When you think women’s hockey, one of the first names that comes to mind is Cassie Campbell-Pascall. Her accomplishments are unsurpassed and she has become an icon for all players and fans alike.
Campbell-Pascall was raised in Brampton, Ont., and has always had a love for hockey. When she went off to university, she started getting noticed for her skill. As captain of her team, the University of Guelph Gryphons, Cassie began developing her leadership skills and her team won the OWIAA (Ontario Women’s Interuniversity Athletic Association) championship in 1995. This was the beginning of her brilliant career in the game.
Campbell-Pascall led Team Canada to back-to-back Olympic Winter Games gold medals, first in 2002 in Salt Lake City, Utah, and then in 2006 in Turin, Italy. She described the wins as the ultimate celebration after a lot of hard work and sacrifice, and said that watching her teammates celebrate was the best part of all.
Campbell-Pascall attributes much of her success to her two best friends in the game, Vicky Sunohara and Danielle Goyette. She jokes about their line being called the “Old Dogs” because as veterans on the team, their combined age was 110 years old. Her friendship with teammates exemplifies the camaraderie of women’s hockey and the long-lasting friendships it creates among players.
Campbell-Pascall marks the history books as the longest serving captain in Canadian hockey history, as she was the captain of the National Women’s team from 2001-2005. She remains the only captain, male or female, to lead Team Canada to two Olympic gold medals. These are two of Cassie’s greatest accomplishments. As captain, she led the team to a 129-26-2 record. She is also a six-time gold medal winner at the IIHF Women’s World Championship.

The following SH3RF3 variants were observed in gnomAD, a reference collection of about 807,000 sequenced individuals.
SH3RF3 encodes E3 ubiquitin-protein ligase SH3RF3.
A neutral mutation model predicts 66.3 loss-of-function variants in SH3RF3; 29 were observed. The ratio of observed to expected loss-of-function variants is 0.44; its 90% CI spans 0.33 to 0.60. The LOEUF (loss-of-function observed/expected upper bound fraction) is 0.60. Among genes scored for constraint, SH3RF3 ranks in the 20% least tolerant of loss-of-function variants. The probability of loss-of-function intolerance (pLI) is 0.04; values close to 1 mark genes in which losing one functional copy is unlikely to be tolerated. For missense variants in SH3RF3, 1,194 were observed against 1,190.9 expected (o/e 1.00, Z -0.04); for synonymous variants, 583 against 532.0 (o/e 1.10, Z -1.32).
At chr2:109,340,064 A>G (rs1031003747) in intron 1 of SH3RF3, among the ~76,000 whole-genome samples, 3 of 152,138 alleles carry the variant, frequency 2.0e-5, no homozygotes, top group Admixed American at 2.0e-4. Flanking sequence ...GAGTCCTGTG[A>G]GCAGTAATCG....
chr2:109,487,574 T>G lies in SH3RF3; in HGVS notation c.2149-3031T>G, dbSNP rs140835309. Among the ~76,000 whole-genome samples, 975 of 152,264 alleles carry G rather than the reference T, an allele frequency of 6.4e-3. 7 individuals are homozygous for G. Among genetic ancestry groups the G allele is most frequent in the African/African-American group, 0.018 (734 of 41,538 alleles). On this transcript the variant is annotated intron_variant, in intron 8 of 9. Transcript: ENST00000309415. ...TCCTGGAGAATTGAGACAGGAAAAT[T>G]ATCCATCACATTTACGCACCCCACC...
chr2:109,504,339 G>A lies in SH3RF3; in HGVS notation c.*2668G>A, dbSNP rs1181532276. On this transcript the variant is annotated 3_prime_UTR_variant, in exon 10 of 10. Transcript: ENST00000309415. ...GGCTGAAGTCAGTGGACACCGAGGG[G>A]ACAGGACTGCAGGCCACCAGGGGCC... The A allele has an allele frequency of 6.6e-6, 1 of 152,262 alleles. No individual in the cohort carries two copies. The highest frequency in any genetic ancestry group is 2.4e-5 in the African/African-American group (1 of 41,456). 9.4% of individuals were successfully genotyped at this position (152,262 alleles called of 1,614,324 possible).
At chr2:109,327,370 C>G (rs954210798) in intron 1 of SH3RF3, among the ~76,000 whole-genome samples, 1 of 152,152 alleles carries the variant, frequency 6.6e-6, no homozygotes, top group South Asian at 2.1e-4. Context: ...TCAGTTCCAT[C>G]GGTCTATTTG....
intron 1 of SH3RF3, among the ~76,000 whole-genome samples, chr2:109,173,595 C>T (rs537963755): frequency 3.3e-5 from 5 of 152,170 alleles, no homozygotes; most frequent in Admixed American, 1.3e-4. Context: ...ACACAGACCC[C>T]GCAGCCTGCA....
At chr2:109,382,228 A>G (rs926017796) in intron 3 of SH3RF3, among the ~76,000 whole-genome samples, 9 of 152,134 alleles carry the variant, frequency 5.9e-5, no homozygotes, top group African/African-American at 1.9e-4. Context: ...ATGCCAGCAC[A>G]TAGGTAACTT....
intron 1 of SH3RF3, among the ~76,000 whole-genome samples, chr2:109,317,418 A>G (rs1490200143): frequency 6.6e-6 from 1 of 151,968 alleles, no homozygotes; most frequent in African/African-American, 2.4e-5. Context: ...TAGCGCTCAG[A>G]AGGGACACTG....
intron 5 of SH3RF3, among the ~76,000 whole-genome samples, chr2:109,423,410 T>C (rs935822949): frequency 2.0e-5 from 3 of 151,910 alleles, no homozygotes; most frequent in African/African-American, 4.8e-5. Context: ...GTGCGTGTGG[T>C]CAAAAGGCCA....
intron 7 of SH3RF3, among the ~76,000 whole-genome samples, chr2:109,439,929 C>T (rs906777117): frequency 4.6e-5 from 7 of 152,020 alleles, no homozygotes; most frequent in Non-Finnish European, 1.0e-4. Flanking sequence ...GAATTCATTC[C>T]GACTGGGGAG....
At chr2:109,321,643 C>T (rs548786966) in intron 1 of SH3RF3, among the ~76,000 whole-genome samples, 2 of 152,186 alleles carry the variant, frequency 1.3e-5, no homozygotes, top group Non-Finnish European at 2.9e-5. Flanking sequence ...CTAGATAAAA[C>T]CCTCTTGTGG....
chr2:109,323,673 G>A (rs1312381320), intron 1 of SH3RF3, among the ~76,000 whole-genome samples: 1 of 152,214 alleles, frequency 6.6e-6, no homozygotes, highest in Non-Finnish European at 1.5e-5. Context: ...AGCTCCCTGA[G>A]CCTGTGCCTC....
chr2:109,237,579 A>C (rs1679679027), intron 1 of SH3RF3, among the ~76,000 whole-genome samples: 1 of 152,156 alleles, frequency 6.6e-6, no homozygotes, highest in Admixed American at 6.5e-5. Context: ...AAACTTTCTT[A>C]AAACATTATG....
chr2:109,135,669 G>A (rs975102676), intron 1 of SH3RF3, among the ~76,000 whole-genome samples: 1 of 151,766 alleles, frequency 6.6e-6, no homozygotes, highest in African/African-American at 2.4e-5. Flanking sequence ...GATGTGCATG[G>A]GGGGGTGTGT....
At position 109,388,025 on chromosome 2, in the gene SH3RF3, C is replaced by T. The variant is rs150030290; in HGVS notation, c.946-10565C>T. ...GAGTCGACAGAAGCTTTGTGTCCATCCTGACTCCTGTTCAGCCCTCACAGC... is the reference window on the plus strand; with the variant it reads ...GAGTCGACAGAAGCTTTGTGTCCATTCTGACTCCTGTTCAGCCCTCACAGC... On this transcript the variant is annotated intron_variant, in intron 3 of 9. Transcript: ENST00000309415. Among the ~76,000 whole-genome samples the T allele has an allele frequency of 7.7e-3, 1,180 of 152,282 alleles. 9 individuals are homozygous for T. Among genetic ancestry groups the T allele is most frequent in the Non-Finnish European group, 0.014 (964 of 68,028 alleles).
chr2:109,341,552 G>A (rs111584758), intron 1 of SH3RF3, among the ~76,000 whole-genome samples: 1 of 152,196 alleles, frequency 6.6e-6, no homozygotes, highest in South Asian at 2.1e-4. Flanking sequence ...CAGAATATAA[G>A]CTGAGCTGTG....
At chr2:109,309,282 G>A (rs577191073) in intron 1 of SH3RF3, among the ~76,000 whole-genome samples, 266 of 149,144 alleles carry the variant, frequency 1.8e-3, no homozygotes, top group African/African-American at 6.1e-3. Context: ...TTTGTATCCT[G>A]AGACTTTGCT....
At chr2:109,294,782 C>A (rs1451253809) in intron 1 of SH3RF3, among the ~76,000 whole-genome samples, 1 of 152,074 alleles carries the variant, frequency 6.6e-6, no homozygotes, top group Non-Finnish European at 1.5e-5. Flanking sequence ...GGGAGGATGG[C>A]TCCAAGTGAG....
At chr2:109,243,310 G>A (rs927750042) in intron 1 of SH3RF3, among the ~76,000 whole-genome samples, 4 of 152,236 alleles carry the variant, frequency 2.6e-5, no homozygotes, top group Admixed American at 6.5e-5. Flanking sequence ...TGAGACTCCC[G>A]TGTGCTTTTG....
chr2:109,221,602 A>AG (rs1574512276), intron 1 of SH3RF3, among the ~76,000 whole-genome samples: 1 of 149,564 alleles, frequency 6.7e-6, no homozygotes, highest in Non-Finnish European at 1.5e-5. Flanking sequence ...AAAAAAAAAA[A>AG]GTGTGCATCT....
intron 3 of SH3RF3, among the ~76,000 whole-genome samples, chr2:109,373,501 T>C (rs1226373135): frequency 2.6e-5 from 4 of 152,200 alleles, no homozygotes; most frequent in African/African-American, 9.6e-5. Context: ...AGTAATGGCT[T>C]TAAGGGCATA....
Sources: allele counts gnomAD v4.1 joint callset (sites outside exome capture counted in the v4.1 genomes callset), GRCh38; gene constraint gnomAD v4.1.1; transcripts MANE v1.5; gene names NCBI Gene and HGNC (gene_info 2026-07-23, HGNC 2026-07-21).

As such an iconic figure in the world of women’s hockey, it was no surprise when Campbell-Pascall received the Order of Hockey in Canada last June. Her contributions to the game of hockey have made her a positive role model for the next generation of girls coming up in the game.
Immediately following her retirement in 2006, Campbell-Pascall became the first woman in history to do colour commentary on Hockey Night in Canada. She can be seen on television regularly and watches 15 games a week, on average, to keep up to speed with the world of hockey.
Aside from her work with Hockey Night in Canada, she is doing promotional work, motivational speaking, as well as being a full-time mom and wife. Campbell-Pascall is married to Hockey Canada vice-president of hockey operations Brad Pascall. They welcomed daughter Brooke Violet to the world November 17, 2010. When asked if she hopes Brooke will follow in her footsteps and play hockey, she said that as long as she is healthy and happy she will support her in whatever hobbies she chooses.
Not only has Campbell-Pascall spent her life devoted to the game of hockey. She is also a humanitarian with all the volunteer work she has done. She has been working with the Ronald McDonald’s children charities for over 15 years and also does Hockey Night in Canada’s Chevrolet Safe & Fun Hockey program. Campbell-Pascall’s support for CARE Canada helps women and children assist those living in poverty.
Campbell-Pascall knows the future of women’s hockey is bright. She completely believes that there will be a professional league for women’s hockey and that it will happen within the next decade. As women’s hockey becomes more popular and more prominent in the media, it is bound to happen.
Campbell-Pascall will be attending 2013 IIHF Ice Hockey Women’s World Championship for some of her promotional work, so you may catch a glimpse of her around SBP Arena or the Nepean Sportsplex throughout the tournament.
Campbell-Pascall’s advice for women competing at women’s worlds? “Bring your best! Canadians expect good hockey!”
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